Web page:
There are certain cliches in the fitness industry that have been around probably just about as long as people have been exercising and trying to eat better. If you’ve been in this business long enough, I know you’ve shared in the lamentation of the yearly season of new fitness enthusiasts and “professionals” who spout these tired diatribes as if they were the first people to ever utter such sentiments. At the end of the day many of these supposed “truths” amount to nothing more than bumper sticker sayings applied to fitness. Things like “abs are made in the kitchen,” or “eat clean, train dirty!” are the declarations of the neophytic.
It’s motivation, bro.
One of the statements we often hear is the chiding of those who indulge in foods that are fairly universally considered to be “unhealthy” being accompanied by diet soda. “Whats the point?” I’ve heard many fitness trainers and hardcore gym goers ask, often in sarcastic tones, mocking anyone who makes any attempt whatsoever to limit their gluttony. While I’m not condoning eating massive amounts of processed foods or having a regular intake of diet soda, I think the scenario exposes a fundamental flaw in mainstream logic regarding fitness and nutrition. The thought behind it, is that if you’re willing to eat a massive caloric surplus of highly processed foods, what’s a little extra few calories from a soda, in other words, why bother getting the “diet” version?
There is however, a massive difference, especially when expanded over the long term. For example, lets say a person eats at Subway 3 times a week, we’ll call this person, Jane. Jane is overweight, but her nutritional habits have been mostly the same over the last year, a time which she has gained a lot of her extra weight, which has stalled as of late. When she eats at Subway she always gets a large sub, with two cookies, and a diet soda. Not exactly what you might call a “healthy” lunch. Now we’ve identified that Jane is eating regularly at her caloric “maintenance.” That means any increase or decrease in calories would result in weight gain or loss. Now let’s say that one day Jane decides that she’s going to swap out her diet coke for the regular version. At 20oz a pop, that’s an additional 240 calories a day, at 3 times a week an additional 720 calories a week, and an extra 2,900 a month. As many of you may have heard a pound of fat is roughly 3,500 calories, so you can see how it wouldn’t take long for our dear Jane to start packing the pounds on even more just making a small change like switching from diet soda to non-diet.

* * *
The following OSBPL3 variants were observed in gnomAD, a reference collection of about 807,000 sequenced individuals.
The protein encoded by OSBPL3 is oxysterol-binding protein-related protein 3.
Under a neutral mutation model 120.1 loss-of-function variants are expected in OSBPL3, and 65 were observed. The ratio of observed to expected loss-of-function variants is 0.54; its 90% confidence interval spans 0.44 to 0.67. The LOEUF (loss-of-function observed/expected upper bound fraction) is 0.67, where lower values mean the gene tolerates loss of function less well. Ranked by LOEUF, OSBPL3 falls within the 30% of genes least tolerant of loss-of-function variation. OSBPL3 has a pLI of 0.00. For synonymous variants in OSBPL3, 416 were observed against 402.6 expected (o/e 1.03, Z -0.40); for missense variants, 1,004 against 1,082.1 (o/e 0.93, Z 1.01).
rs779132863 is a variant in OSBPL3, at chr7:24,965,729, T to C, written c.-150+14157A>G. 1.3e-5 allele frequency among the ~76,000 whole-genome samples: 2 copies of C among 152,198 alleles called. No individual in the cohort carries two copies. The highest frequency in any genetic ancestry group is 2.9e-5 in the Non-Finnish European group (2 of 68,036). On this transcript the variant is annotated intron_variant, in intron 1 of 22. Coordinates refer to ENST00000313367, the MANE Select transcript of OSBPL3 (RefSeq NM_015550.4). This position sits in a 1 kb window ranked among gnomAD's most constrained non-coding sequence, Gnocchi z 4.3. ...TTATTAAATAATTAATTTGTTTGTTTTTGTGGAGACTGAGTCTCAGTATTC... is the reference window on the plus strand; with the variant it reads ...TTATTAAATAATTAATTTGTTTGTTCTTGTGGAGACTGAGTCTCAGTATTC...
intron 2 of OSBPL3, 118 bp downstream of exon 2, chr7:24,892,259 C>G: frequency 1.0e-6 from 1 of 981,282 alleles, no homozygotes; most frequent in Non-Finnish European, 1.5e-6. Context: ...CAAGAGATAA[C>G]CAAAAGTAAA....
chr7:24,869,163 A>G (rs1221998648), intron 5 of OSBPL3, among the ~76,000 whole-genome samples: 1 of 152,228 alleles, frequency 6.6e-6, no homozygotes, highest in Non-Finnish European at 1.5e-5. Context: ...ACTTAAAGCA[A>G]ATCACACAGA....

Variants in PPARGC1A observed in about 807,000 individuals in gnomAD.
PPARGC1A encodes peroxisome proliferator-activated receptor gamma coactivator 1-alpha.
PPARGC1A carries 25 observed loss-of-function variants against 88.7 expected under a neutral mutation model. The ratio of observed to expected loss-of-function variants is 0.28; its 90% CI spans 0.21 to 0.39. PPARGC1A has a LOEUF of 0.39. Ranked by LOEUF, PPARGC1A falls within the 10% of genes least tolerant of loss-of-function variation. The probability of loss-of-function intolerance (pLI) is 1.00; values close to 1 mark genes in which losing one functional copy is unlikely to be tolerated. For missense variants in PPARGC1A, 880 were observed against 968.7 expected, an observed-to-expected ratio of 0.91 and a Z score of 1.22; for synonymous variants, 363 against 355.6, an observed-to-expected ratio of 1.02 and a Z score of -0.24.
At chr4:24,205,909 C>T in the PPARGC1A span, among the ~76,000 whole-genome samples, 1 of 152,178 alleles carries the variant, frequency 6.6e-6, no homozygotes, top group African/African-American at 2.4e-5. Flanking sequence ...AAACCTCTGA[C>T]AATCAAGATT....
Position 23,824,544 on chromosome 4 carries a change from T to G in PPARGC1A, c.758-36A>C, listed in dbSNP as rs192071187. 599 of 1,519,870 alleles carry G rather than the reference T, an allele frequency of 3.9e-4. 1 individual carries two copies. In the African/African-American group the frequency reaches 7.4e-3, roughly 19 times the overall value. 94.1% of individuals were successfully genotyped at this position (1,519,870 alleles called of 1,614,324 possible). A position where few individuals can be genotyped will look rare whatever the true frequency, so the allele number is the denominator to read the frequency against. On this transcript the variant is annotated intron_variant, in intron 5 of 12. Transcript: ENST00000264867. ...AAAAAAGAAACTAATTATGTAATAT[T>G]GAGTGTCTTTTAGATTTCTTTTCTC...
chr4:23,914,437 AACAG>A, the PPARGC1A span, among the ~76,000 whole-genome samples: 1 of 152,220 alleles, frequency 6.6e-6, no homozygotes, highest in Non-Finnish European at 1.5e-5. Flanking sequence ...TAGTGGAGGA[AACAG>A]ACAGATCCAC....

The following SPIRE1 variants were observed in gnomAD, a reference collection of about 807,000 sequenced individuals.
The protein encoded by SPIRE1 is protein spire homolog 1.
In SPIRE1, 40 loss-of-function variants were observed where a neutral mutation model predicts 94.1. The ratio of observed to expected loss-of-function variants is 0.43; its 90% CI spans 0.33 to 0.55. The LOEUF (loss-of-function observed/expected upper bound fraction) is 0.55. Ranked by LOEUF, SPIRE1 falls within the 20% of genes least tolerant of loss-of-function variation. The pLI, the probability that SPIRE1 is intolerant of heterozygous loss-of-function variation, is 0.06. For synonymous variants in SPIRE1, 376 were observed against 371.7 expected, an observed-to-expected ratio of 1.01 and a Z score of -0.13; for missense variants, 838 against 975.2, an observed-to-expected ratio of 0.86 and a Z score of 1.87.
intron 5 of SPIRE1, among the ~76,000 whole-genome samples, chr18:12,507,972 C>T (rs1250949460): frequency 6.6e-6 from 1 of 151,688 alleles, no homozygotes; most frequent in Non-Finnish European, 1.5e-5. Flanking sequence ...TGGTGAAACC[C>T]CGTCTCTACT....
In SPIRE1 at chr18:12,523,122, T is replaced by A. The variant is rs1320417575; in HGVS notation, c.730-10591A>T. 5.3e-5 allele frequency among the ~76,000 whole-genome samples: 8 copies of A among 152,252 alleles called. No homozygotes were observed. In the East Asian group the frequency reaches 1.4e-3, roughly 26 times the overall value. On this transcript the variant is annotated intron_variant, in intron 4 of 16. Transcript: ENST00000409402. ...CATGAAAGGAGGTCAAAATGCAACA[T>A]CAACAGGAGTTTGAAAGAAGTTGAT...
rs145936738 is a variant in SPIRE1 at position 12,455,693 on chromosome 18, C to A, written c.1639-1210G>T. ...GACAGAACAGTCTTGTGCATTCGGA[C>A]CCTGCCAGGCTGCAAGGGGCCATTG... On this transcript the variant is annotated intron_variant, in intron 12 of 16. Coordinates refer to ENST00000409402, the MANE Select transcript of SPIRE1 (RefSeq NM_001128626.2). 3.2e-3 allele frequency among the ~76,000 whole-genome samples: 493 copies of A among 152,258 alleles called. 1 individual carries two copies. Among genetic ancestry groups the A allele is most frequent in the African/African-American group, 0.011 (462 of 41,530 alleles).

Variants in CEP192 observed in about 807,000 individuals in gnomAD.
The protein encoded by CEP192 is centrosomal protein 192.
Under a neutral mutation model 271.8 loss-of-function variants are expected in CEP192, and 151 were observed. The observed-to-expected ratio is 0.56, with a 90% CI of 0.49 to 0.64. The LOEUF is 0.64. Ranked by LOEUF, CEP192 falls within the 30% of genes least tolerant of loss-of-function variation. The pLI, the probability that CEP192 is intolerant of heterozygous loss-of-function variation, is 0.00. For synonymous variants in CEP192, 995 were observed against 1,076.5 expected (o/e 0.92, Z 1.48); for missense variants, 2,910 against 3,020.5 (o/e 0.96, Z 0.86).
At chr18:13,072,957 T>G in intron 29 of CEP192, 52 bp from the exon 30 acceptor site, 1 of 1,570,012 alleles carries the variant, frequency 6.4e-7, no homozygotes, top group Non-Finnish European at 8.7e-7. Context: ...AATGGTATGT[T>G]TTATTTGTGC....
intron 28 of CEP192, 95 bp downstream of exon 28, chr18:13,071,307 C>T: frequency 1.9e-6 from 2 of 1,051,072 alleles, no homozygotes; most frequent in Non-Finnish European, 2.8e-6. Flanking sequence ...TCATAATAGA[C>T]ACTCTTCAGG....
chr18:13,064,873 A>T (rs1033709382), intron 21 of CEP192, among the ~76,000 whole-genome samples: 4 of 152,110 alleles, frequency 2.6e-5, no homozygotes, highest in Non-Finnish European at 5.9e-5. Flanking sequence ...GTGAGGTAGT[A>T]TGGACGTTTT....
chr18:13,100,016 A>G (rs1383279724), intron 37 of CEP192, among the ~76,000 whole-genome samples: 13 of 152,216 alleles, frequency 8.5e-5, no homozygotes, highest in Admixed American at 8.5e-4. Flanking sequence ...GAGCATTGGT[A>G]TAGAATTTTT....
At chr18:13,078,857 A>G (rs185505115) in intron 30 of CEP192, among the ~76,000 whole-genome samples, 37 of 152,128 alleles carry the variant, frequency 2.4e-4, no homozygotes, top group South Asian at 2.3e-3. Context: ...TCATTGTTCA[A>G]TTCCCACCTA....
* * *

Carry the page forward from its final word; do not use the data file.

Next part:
But I’m not here to talk to you about the importance of drinking diet soda. What I really want to shine some light on is the attitude that once a single “unhealthy” choice is made, that all of your other choices are irrelevant. You know what I’m talking about, it’s called a binge. Google defines the word as “A short period of time devoted to indulging to excess, especially in terms of food or alcohol.” And according to their data the word is being used more than ever, and if I had to guess, I would say that’s because it’s become a bigger problem now than it used to be, in part because of how readily available calorically dense food is to us.